Holiday Pay practical guidance

  • Posted

Posted 18/11/2014

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On 4 November, a landmark decision was made by the Employment Appeal Tribunal (EAT) in relation to holiday pay that is likely to have wide ranging implications for employers.  We have discussed this decision with a number of businesses in East Anglia and as a result, have put together the following guidance on what options employers have who are affected by this decision.

In summary, it has been decided that non-guaranteed overtime should be included when calculating holiday pay. It was also decided that the ability to recover historic underpayments is limited and that if there is a three month break in underpayments, this will break the chain for the purposes of any unlawful deductions from wages claim. Earlier cases decided that commission and guaranteed overtime should be included in the holiday pay calculation.  We wait for a definitive ruling on whether voluntary overtime should be included but there is a strong possibility that it will be.

It will therefore be sensible for employers to audit how much they pay workers during periods of holiday, whether workers are likely to be aware of this issue and what holiday records you keep.  It is likely that this decision will affect a large number of employers with employers who operate a commission structure or pay overtime most at risk.  Employers affected will need to consider what action to take next and we consider that there are the following main options open to employers:


Do nothing but look out for developments in this area

  • This approach may work where there is significant cost associated with changing the amount paid for holiday as it will delay when payment is due and if workers leave and do not claim for their holiday, payment will never become due.  Also, some workers may not be aware of their rights in relation to this issue. Three months may lapse between underpayments although as we are approaching the Christmas holidays it seems likely that many employees will take holiday over this break giving rise to a new underpayment.
  • It is a risky approach as liabilities are highly likely to increase in the future in line with liabilities growing over time and the fact that liability may be increased when an appeal of the EAT’s decision is heard.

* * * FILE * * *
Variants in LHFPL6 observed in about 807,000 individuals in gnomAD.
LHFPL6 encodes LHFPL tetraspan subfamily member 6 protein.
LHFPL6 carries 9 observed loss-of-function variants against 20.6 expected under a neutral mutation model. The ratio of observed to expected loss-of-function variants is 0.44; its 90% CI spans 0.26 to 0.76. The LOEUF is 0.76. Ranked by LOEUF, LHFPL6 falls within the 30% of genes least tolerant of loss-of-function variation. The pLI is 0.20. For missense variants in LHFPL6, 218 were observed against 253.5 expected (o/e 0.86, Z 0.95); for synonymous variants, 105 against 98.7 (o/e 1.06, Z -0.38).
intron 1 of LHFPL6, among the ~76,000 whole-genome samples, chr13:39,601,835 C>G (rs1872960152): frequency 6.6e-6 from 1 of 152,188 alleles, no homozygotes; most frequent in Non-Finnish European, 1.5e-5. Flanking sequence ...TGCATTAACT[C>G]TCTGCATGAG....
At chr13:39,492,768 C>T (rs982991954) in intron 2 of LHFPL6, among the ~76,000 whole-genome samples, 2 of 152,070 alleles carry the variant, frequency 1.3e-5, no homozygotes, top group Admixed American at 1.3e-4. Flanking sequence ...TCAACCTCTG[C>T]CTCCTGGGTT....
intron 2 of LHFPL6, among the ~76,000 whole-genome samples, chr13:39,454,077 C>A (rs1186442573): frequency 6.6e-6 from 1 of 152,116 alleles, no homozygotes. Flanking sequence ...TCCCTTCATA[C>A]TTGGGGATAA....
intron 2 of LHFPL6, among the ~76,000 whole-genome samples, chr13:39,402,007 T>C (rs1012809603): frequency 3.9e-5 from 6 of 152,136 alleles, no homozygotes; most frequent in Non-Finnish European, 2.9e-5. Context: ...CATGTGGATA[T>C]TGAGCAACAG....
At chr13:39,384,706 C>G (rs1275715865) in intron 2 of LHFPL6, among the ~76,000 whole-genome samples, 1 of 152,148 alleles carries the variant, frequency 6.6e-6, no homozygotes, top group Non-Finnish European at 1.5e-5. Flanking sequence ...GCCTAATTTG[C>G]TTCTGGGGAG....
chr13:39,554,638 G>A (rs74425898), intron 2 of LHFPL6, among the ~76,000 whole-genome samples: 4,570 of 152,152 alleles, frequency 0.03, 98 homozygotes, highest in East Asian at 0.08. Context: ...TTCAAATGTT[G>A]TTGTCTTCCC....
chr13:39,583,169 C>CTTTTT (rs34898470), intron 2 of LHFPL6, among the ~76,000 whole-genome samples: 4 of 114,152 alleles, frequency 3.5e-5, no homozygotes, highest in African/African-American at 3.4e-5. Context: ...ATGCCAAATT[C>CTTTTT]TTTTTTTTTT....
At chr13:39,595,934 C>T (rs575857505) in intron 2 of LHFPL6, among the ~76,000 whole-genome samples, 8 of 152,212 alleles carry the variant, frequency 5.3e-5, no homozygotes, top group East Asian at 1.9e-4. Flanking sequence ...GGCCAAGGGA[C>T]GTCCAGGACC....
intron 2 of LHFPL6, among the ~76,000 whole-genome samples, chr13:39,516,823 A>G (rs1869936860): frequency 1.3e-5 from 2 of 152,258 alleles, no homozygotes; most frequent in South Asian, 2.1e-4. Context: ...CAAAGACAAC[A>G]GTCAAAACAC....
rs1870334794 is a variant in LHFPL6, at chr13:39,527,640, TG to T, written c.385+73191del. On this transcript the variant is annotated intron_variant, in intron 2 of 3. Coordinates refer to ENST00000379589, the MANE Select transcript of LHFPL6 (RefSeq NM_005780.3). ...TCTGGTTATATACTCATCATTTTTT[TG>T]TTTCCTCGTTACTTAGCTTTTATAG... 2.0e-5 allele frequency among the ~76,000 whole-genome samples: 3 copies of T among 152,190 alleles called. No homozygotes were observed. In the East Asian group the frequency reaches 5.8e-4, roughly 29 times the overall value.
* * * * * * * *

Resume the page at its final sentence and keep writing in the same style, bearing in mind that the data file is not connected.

Pay correctly in the future

  • If you only have a small amount to pay in order for the payment to be correct, it may be sensible to change the amount paid for holiday going forwards.
  • However, this does flag the issue to workers and if the decision is changed on appeal, you may be paying more than what you need to. If the decision is changed and an employer reverts back to what they were originally including in holiday pay, this could be an unlawful deduction from wages.

Settlement of outstanding claims

  • It is possible during employment to settle claims for underpayment of holiday and then change the amount that you pay going forwards.  For cautious employers, this will give certainty going forwards.  It also sends out a good message to employees that the employer is doing something to rectify the situation.
  • It does mean that you may be paying either too much or not enough dependent on the further appeal that is being made.

And finally…

  • You could decide to break the chain of historic underpayments by for example preventing all employees from taking holiday for a three month period.
  • However, this is likely to send out a very bad message to employees and possibly the media (dependent on size of employer).  Therefore this approach is unlikely to be feasible.

As stated above, we still await a further appeal of this matter.  Therefore, you should keep a watch on this developing area of the law.  Our employment team would be pleased to speak to you about your individual circumstances to discuss the best option for your organisation.  We would also be pleased to discuss this issue with any groups of employees who have concerns about this matter. Contact us on 0330 404 0773.


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